That afternoon, an FA Cup tie against Bognor Regis Town provides a timely reminder of why the return home is so important. The game is being played 11 miles away in Sittingbourne, where the Stones are ground-sharing for one more season. Bourne Park has a certain charm about it although for Maidstone, it's the equivalent of a community church being allowed to use a secondary school gymnasium for their Sunday services and having to swap back the hymn books for crash mats before locking up. Still, the swarming car park suggests the tenants are once again going to outperform their landlords when it comes to pulling in the punters.

Played in temperatures normally reserved for pre-season friendlies, the tie starts sluggishly but suddenly comes to life when Terry Dodd pings home the opening goal for Bognor and then makes it 2-0 when experienced Maidstone goalkeeper Charlie Mitten inexplicably spills a trickling pass at the striker's feet, virtually on the goal line. Mitten's party piece is still to come, though, as he allows a 40-yard back-pass to roll under his boot and into the net midway through the second-half. The tie is dead, or so we believe. Late strikes from Tom Mills and Baff Addae - the previous FA Cup player of the round - set up a grandstand finale but Mitten, racing upfield for a stoppage-time corner, can't atone for his earlier blunders and Bognor are through. The fixture will be repeated on the final day of the league season and already it looks as though the Stones' final game at Bourne Park could prove hugely significant. Either way, the next time the club are handed a home tie in the FA Cup, the game will be played in Maidstone. Their homecoming will be big news for sport in Kent and the only shame is that I won't be there to see it happen.

In other news...

Having watched the Merseyside derby on Sky Sports earlier today, I was left wondering 'why are referees still immune from giving post-match interviews?' David Moyes will almost certainly be the latest manager hauled in front of the FA for his comments about Martin Atkinson's decision to send off Jack Rodwell, although Atkinson will not have to answer to the footballing public. Moyes was honest in his assessment, saying Atkinson was wrong to show the red card and should have been given a different game in the first place. The least referees should offer is an explanation of their key decisions, just as managers are obliged to do after every game. If Atkinson, or any of his Premier League officiating compatriots, are pulled up for wrong decisions this weekend, the sanction will be no stronger than a temporary demotion to take charge of a Championship game. Not good enough.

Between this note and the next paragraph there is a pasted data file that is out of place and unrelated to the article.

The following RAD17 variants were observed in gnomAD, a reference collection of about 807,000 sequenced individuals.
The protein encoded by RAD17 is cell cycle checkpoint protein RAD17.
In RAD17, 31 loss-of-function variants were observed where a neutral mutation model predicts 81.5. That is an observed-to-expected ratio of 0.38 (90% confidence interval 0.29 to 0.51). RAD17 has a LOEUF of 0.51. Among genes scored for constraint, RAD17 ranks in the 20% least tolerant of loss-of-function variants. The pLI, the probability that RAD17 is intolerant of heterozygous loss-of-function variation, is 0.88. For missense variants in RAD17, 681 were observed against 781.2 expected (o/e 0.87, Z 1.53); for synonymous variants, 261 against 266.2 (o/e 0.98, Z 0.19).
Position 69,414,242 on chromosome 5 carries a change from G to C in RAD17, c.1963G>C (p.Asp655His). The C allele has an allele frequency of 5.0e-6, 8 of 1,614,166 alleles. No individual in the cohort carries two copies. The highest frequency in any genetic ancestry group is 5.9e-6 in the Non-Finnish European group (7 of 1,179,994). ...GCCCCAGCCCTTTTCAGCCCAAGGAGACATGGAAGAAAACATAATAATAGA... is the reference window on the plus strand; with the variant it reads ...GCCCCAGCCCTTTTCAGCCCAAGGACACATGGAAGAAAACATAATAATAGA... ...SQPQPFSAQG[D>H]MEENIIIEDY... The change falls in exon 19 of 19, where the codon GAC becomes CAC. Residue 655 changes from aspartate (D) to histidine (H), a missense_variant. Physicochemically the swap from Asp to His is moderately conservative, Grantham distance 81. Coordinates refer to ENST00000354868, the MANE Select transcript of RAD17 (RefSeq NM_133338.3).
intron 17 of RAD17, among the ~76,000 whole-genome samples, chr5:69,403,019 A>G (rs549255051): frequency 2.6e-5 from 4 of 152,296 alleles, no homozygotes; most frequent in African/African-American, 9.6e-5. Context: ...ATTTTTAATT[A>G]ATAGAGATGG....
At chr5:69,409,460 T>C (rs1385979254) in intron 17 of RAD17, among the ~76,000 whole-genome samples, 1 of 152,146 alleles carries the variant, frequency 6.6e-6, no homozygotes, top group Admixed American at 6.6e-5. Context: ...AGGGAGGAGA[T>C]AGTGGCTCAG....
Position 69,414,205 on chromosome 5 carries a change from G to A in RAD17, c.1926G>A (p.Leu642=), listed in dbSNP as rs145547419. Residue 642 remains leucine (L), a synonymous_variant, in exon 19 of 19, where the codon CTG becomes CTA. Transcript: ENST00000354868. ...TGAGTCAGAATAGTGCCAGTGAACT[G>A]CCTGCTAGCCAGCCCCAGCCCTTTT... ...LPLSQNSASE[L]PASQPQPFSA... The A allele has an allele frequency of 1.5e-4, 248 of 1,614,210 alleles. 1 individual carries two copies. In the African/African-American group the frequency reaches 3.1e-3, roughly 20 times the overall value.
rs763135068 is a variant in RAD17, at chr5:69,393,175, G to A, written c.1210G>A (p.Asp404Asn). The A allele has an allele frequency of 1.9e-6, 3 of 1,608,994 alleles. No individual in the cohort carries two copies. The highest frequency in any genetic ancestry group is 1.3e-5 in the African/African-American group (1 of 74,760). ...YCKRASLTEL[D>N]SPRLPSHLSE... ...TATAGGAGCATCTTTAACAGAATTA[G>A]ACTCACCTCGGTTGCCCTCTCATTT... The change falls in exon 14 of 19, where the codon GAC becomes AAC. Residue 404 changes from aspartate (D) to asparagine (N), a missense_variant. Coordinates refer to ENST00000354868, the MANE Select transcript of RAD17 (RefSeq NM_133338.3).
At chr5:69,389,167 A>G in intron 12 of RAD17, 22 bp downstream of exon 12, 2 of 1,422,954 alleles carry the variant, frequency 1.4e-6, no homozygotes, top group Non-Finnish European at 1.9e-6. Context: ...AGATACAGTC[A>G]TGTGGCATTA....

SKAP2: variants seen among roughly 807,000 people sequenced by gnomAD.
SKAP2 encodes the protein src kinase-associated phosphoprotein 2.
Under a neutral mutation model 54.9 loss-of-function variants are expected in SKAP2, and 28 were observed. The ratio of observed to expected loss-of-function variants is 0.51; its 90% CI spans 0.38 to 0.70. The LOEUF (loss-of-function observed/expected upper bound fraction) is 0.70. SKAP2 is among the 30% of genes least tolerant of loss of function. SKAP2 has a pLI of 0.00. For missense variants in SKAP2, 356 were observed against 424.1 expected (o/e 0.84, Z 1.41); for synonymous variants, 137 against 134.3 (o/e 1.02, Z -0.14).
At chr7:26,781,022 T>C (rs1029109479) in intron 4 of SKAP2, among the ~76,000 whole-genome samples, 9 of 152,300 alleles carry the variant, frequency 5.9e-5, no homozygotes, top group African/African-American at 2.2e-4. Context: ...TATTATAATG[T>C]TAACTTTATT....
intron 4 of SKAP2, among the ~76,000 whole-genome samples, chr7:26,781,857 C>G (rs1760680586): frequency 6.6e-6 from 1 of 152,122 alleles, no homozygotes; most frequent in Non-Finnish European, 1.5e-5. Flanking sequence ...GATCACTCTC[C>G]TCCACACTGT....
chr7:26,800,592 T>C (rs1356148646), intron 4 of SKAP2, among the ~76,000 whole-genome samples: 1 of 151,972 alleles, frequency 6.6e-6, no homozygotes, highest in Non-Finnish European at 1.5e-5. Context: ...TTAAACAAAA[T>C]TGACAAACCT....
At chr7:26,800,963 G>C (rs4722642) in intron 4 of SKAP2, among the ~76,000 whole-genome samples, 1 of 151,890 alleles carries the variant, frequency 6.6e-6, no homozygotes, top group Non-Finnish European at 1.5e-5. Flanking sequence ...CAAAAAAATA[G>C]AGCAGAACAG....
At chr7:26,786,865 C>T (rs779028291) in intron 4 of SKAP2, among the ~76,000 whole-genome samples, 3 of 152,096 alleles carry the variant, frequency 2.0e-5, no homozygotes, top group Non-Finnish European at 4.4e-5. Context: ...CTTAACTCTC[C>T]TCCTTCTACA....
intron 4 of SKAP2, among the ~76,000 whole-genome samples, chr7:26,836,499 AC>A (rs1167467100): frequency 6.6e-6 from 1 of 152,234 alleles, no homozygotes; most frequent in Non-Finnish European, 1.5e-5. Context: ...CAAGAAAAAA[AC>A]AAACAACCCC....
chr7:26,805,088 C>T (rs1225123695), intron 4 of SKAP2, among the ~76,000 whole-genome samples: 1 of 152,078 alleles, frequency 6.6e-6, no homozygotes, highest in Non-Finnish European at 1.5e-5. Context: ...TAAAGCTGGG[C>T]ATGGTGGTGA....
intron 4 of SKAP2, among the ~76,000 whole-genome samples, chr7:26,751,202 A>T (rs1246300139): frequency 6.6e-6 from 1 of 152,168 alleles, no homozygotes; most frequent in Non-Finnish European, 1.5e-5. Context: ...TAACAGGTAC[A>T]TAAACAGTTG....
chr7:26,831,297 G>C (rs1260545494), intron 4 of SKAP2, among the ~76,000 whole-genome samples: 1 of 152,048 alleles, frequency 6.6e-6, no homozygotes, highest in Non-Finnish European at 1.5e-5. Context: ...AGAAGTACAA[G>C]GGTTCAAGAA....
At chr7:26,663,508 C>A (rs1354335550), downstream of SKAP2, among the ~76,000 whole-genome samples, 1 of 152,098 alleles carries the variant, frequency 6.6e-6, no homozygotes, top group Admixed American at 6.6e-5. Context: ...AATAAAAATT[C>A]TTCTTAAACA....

Wednesday, 28 September 2011

Help! I've joined the prawn sandwich brigade!

Another Tuesday evening, another drive along the A2, tracking the red British rail signs on the overhead green boards until it's time to leave the rush hour traffic behind and steer towards Ebbsfleet International Station. Of course, it's non-league football rather than high-speed rail service which has tempted me to embrace the industrial skyline of north Kent once again, retracing my steps to Stonebridge Road, a ground which has become something of second home for me ever since I walked through the turnstiles to cover my first Ebbsfleet United game.

Tonight is different, though. No laptop, no notebook, no smartphone, no Twitter. The same friendly faces greet me as I make my way into the ground, but I'm not headed to the press box - not immediately, anyway - rather, my name's on the guest list for the Fleet Lounge, where members rub shoulders with the match sponsors and injured first-team players. Even as Phil Moss hands me a free drinks voucher and ushers me towards a vat of chicken soup, I find myself scrutinising the team-sheets which have just arrived, scribing imaginary tweets about the apparently defensive side selected by Fleet manager Liam Daish, who has left Ricky Shakes, Scott Ginty and Lanre Azeez on the bench for a game against Bath City, the bottom side in Conference Premier. Soup and roll devoured, I'm off to voice my concerns in the more familiar surroundings of the press benches before the game gets under way.

With nothing but a programme resting on the desk in front of me, I'm able to give the game my undivided attention. My experience of the game lies somewhere between that of an exasperated home fan and studious journalist, with two sides low on confidence serving up fare less appetising than that which awaits me at half-time. Over more soup and a pre-ordered drink, the lounge guests are generally of the opinion that Calum Willock's headed goal won't be enough to see Ebbsfleet win at home for the first time this season, although the Champions League scores flashing up on the flatscreen TV seem to hold greater interest. The second-half's started but I'm still deep in coversation with former chairman Duncan Holt behind the terracing. I've well and truly crossed the line from press corps to prawn sandwich brigade.